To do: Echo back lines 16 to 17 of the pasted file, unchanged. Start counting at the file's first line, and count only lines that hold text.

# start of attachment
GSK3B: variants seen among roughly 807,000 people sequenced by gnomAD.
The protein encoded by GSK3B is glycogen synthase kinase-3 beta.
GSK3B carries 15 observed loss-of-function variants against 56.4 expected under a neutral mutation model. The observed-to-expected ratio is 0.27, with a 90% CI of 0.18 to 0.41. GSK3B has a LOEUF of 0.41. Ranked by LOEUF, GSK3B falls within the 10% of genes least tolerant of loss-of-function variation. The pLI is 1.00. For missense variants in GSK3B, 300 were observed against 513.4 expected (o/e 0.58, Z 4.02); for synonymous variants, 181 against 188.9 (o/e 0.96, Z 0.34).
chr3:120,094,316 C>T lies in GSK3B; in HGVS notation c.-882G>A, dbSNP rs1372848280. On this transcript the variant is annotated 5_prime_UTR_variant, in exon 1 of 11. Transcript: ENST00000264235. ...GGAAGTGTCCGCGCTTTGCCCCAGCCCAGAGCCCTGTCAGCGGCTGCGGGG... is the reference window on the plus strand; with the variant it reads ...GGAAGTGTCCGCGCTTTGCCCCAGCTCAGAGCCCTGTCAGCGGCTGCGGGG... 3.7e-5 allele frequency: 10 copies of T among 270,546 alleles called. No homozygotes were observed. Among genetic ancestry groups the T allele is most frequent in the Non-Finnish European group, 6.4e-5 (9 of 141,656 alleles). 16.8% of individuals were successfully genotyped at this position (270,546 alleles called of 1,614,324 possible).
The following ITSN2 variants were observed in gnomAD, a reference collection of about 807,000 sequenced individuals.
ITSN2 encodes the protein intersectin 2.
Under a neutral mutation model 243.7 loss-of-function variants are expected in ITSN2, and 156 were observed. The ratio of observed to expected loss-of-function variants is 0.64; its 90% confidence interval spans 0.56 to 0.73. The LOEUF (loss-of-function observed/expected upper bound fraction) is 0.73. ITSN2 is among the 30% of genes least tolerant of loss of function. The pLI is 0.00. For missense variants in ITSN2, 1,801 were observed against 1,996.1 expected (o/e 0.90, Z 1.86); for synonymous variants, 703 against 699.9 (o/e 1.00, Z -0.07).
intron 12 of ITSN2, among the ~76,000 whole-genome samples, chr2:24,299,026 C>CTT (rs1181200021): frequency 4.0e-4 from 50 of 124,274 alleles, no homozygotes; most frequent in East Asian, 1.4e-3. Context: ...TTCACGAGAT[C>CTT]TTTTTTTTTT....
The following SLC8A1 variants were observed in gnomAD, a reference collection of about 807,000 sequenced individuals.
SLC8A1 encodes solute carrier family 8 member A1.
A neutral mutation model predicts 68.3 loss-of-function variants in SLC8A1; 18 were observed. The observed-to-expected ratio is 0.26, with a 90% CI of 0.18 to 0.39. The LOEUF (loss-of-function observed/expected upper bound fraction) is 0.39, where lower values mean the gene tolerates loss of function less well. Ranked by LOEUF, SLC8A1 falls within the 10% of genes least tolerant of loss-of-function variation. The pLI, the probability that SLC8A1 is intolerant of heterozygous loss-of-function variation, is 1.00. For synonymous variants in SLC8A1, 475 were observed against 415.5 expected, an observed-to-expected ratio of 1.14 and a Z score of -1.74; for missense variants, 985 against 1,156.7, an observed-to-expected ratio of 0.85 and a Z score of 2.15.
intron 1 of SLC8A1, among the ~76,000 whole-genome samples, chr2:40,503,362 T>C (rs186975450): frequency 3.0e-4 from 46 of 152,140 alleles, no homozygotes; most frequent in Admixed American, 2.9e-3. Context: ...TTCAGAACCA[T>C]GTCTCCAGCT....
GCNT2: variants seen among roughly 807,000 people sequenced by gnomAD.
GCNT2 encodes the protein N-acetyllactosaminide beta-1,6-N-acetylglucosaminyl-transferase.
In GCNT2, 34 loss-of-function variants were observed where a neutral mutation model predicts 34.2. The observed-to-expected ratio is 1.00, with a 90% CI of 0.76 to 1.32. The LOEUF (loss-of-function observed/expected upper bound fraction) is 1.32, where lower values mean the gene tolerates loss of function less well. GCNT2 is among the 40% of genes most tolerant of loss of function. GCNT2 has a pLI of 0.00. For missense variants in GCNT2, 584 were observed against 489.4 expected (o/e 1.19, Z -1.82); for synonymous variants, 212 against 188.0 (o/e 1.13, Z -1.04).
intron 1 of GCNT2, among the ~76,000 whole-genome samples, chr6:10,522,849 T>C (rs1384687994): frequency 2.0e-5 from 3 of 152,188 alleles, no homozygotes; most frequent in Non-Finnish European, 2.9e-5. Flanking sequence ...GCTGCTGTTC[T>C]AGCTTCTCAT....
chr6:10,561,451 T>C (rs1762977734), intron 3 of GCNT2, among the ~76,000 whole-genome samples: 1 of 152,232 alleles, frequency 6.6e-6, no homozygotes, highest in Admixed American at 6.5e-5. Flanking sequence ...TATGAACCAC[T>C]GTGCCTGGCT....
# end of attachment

intron 1 of GCNT2, among the ~76,000 whole-genome samples, chr6:10,522,849 T>C (rs1384687994): frequency 2.0e-5 from 3 of 152,188 alleles, no homozygotes; most frequent in Non-Finnish European, 2.9e-5. Flanking sequence ...GCTGCTGTTC[T>C]AGCTTCTCAT....
chr6:10,561,451 T>C (rs1762977734), intron 3 of GCNT2, among the ~76,000 whole-genome samples: 1 of 152,232 alleles, frequency 6.6e-6, no homozygotes, highest in Admixed American at 6.5e-5. Flanking sequence ...TATGAACCAC[T>C]GTGCCTGGCT....